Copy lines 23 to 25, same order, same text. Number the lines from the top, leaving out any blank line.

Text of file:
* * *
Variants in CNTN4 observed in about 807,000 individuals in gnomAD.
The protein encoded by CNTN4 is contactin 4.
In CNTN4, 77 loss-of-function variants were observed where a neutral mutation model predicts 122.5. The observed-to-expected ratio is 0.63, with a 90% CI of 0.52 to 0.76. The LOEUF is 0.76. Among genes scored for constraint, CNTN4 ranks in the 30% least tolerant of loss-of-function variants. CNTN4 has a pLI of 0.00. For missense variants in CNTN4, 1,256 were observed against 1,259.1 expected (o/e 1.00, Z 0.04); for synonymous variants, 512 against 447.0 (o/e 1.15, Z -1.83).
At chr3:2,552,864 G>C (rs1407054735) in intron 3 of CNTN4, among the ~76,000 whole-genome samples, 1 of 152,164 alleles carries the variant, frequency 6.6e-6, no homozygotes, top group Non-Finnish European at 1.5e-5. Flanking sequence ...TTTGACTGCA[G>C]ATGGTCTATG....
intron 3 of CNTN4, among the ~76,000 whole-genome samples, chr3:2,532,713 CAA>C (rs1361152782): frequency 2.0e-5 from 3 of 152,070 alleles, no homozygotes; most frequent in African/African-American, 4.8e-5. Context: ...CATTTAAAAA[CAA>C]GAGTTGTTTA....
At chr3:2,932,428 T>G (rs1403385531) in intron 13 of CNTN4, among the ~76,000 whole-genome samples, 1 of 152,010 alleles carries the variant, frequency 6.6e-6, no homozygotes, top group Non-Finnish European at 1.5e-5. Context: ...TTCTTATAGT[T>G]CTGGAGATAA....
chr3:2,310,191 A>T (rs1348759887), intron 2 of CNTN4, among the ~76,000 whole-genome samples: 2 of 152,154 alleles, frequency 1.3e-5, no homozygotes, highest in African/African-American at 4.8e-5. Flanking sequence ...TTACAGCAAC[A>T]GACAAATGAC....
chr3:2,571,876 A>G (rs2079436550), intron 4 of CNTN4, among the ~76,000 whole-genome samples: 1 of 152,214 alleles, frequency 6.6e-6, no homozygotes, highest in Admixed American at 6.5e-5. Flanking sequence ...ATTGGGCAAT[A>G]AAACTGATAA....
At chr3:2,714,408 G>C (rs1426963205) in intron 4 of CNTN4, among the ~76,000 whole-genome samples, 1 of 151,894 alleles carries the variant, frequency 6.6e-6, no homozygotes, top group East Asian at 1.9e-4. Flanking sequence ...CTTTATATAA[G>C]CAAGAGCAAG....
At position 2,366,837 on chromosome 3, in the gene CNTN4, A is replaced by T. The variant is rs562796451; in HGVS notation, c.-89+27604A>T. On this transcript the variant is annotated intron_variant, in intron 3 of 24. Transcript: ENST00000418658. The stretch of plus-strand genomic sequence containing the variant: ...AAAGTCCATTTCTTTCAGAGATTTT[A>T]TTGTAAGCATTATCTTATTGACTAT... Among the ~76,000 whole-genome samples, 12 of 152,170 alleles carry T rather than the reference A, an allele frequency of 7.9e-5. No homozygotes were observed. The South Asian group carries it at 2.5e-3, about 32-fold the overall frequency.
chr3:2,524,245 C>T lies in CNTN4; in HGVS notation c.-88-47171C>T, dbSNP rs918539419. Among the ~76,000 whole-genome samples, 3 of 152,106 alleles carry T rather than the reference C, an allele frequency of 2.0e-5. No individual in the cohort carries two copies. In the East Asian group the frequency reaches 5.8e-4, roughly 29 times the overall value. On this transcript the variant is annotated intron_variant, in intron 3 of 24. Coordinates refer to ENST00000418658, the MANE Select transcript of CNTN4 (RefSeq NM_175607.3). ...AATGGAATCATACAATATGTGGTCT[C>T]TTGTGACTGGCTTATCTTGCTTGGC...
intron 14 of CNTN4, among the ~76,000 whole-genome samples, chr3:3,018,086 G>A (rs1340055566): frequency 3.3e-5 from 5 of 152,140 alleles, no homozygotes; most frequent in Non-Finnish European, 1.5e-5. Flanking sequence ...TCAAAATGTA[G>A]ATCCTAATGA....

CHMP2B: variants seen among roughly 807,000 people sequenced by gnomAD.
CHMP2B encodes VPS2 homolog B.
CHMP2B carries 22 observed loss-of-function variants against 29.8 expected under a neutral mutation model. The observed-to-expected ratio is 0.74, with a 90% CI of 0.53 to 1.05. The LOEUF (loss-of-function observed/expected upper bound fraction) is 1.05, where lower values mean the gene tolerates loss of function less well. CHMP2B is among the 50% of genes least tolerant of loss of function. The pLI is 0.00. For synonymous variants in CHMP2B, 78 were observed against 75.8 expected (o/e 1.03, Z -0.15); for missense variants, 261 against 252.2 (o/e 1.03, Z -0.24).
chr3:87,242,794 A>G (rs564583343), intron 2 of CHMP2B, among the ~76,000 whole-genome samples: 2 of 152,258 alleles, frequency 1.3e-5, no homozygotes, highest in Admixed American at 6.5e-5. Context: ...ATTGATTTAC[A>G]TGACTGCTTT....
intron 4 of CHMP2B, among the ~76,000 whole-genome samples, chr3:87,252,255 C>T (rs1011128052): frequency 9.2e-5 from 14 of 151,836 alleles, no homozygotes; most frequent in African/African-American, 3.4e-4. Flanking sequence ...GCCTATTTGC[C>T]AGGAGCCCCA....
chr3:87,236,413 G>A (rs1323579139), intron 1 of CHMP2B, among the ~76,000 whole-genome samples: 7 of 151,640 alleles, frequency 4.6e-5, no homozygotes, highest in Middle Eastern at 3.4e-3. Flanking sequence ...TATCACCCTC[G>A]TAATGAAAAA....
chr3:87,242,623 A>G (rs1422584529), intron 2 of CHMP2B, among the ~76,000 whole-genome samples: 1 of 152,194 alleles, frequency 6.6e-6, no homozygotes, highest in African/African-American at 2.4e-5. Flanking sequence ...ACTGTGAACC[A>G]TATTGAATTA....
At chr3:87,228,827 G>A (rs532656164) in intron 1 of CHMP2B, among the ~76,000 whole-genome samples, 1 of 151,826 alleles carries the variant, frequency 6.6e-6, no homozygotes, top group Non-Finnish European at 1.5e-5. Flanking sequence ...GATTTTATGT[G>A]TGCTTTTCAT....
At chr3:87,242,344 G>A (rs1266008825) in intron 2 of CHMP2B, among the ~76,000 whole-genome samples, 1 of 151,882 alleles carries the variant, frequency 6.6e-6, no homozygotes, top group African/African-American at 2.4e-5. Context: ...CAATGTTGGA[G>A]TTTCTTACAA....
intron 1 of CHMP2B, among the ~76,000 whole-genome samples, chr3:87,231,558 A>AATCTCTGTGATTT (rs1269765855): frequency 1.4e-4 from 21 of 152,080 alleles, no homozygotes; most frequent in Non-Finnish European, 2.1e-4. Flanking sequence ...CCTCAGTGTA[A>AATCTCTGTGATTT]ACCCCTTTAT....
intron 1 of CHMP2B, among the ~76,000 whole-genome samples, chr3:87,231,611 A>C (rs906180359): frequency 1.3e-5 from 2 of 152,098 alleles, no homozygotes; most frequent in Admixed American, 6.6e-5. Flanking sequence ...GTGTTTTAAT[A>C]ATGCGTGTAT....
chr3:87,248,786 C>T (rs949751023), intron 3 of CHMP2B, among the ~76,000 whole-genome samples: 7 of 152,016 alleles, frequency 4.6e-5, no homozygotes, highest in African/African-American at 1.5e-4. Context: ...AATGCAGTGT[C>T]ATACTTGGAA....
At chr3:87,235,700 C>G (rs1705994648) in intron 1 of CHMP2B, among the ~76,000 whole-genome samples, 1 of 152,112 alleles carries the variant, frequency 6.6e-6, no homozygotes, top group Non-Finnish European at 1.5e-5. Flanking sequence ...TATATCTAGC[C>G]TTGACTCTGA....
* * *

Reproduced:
intron 1 of CHMP2B, among the ~76,000 whole-genome samples, chr3:87,231,611 A>C (rs906180359): frequency 1.3e-5 from 2 of 152,098 alleles, no homozygotes; most frequent in Admixed American, 6.6e-5. Flanking sequence ...GTGTTTTAAT[A>C]ATGCGTGTAT....
chr3:87,248,786 C>T (rs949751023), intron 3 of CHMP2B, among the ~76,000 whole-genome samples: 7 of 152,016 alleles, frequency 4.6e-5, no homozygotes, highest in African/African-American at 1.5e-4. Context: ...AATGCAGTGT[C>T]ATACTTGGAA....
At chr3:87,235,700 C>G (rs1705994648) in intron 1 of CHMP2B, among the ~76,000 whole-genome samples, 1 of 152,112 alleles carries the variant, frequency 6.6e-6, no homozygotes, top group Non-Finnish European at 1.5e-5. Flanking sequence ...TATATCTAGC[C>G]TTGACTCTGA....